Mohammad Khaleel

Mohammad Khaleel.

At Oak Ridge National Laboratory, Dr. Mohammad Khaleel is Associate Laboratory Director for Energy and Environmental Sciences.

He oversees a rich portfolio to deliver fundamental scientific discoveries and technical breakthroughs in support of US Department of Energy missions, offering a unique culture of entrepreneurship for translating science into solutions for the most critical problems facing society at the nexus of energy, environment and security. Operating responsibilities include four research divisions—biosciences, electrical and electronics systems research, energy and transportation sciences, and environmental sciences—in support of biological and environmental research for DOE’s Office of Science including the ORNL-managed BioEnergy Science Center and an extensive set of research and development programs, and facilities supported by DOE’s Office of Energy Efficiency and Renewable Energy, Office of Electricity Delivery and Energy Reliability and Office of Fossil Energy. In the last five years, our scientific productivity has led to more than 2,734 journal publications, 548 invention disclosures, 184 patent applications, 157 issued patents, 107 cooperative research and development agreements, 53 licenses, and 240 strategic partnership projects.

Before joining ORNL in 2015, Khaleel was executive director of the Qatar Environment and Energy Research Institute (QEERI), where he led the establishment and execution of programs in renewable energy, water conservation, and atmospheric sciences. Khaleel also held several technical and senior managerial positions at Pacific Northwest National Laboratory where he was a Laboratory Fellow and led the Computational Sciences and Mathematics Division from 2003 to 2013. Khaleel was instrumental in establishing the Solid State Energy Conversion Alliance, or SECA. He was a co-founding director of the Northwest Institute for Advanced Computing at the University of Washington.

Dr. Khaleel holds a Ph.D. in structural mechanics from Washington State University, an MBA from the University of Washington, and is registered professional engineer in the State of Washington. He is currently a Professor of Energy Policy, Planning and Administration at the Bredesen Center for Interdisciplinary Research and Graduate Education at the University of Tennessee. He is also an adjunct Professor for the School of Materials Science and Engineering at the Georgia Institute of Technology, has published some 250 refereed articles, and holds two patents.

He is a fellow of the American Society of Mechanical Engineers, the American Society of Civil Engineers, the American Association for the Advancement of Science, and was elected to the Washington State Academy of Sciences in 2011. Khaleel received ASME’s Robert J. McGrattan Literature Award and the lifetime achievement award from the University of Siegen, Germany, for his contributions to fuel cell science and technology.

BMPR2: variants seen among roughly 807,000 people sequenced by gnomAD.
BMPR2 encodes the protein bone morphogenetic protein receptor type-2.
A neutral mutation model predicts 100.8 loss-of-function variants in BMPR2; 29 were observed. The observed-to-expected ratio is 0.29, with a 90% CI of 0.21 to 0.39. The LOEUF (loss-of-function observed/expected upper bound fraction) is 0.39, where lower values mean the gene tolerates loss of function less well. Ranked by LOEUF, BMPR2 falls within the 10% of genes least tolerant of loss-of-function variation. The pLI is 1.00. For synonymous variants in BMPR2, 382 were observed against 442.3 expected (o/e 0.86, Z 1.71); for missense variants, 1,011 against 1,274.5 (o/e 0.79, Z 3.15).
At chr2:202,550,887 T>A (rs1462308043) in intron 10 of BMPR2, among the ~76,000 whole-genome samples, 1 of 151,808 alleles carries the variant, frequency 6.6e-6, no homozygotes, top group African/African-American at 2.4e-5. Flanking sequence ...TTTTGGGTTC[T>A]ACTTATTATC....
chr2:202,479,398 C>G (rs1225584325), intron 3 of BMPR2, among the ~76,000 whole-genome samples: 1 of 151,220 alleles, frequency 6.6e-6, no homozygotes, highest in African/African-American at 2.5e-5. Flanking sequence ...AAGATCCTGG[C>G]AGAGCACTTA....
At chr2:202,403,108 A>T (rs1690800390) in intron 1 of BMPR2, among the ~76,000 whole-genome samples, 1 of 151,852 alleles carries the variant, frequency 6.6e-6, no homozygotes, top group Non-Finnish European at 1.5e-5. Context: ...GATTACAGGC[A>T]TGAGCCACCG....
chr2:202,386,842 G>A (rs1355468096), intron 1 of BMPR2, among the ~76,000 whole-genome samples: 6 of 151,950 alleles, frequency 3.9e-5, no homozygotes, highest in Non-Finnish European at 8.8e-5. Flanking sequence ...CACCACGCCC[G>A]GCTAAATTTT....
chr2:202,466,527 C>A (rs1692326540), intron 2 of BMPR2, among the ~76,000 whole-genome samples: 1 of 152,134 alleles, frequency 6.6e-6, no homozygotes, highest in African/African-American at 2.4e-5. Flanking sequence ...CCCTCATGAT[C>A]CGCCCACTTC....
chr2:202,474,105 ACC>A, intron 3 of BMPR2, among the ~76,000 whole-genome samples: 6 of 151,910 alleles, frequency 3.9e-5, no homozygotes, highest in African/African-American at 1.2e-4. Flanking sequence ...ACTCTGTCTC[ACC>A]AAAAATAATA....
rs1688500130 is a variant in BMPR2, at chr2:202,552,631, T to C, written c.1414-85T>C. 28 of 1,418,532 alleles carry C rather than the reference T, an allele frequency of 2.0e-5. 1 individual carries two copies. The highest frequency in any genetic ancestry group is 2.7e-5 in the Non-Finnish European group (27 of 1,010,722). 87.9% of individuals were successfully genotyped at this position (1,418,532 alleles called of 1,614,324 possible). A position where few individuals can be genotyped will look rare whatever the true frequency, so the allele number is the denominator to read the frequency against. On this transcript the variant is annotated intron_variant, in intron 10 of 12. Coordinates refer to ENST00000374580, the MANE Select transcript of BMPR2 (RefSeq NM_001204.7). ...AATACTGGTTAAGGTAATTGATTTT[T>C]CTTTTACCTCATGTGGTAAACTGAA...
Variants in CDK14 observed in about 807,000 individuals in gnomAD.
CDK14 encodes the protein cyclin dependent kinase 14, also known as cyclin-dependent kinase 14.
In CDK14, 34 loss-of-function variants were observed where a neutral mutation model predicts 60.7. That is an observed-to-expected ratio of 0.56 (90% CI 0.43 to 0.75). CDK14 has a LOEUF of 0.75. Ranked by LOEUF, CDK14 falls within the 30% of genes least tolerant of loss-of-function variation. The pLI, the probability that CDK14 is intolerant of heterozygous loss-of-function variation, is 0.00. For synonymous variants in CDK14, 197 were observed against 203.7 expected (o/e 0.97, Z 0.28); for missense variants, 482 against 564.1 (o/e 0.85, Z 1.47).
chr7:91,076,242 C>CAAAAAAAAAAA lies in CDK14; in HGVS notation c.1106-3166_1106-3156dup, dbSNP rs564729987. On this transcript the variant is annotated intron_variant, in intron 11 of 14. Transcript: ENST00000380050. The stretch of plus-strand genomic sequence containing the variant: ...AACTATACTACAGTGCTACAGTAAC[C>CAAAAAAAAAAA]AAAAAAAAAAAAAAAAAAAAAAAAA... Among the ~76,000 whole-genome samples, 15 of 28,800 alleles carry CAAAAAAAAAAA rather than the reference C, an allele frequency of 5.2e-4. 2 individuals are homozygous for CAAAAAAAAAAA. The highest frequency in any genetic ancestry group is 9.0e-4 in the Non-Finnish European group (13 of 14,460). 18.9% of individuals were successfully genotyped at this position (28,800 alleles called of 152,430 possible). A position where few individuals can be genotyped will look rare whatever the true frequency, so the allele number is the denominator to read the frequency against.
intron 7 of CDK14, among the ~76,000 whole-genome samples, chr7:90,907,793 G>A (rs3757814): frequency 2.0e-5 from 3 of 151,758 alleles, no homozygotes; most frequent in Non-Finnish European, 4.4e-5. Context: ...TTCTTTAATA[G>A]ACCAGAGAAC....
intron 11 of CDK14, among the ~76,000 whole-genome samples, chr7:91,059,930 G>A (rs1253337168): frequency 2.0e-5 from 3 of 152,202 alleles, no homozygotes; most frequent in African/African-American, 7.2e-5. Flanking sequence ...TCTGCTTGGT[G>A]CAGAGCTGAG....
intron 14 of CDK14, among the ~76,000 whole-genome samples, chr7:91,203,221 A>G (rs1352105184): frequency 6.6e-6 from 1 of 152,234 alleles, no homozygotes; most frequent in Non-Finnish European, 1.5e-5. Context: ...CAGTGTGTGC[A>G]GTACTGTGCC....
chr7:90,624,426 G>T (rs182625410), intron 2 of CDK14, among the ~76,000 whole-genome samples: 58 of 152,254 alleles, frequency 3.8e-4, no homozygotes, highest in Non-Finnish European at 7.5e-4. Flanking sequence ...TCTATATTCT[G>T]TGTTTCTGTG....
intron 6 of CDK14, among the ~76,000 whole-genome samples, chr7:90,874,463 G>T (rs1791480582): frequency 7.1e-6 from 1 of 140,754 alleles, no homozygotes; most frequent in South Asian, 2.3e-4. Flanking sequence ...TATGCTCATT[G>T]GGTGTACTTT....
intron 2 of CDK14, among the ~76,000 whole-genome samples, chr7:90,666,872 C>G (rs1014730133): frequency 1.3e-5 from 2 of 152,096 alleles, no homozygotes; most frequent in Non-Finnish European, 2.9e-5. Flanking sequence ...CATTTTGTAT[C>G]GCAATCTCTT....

Advanced Materials, Systems and Data Analytics in the Manufacturing Research at Oak Ridge National Laboratory

Advanced materials and manufacturing are critical to next generation energy systems and meeting the demands of modern transportation. Oak Ridge National Laboratory (ORNL) performs early stage research in additive manufacturing, composites, digital manufacturing and hybrid processes.  The Manufacturing Demonstration Facility at ORNL is sponsored by Department of Energy’s Advanced Manufacturing Office.  Current research areas include materials for enhanced performance, next generation manufacturing systems and developing a born qualified framework utilizing non-destructive evaluation techniques in-situ to the processes and machine learning of data. Some of the advanced materials being developed include high temperature materials for energy production, lightweight alloys for transportation, concrete for infrastructure and bioderived materials for sustainable material practices. Tackling issues of sustainability requires a deep understanding of advanced manufacturing, but also an appreciation for the intersection of materials development with the natural and built environment. Renewable energy, resource reuse, upcycling of plastic, carbon emissions, and the emerging bioeconomy all have a role to play in innovative energy and manufacturing systems. Systems and synthetic biology will play a major role, although the direction of such innovation has yet to be identified. ORNL collaborates with industry partners and universities to accelerate the deployment of technology that has direct impact in energy systems. This presentation will discuss a) fundamental research in manufacturing performed at the MDF, b) an overview of major environmental field experiments dealing with climate change and c) a facility concept focused on rapidly identifying the traits of genes and their effects on the environmental ecosystem.

Tuesday, February 11, 2020, 11am

Buffalo Room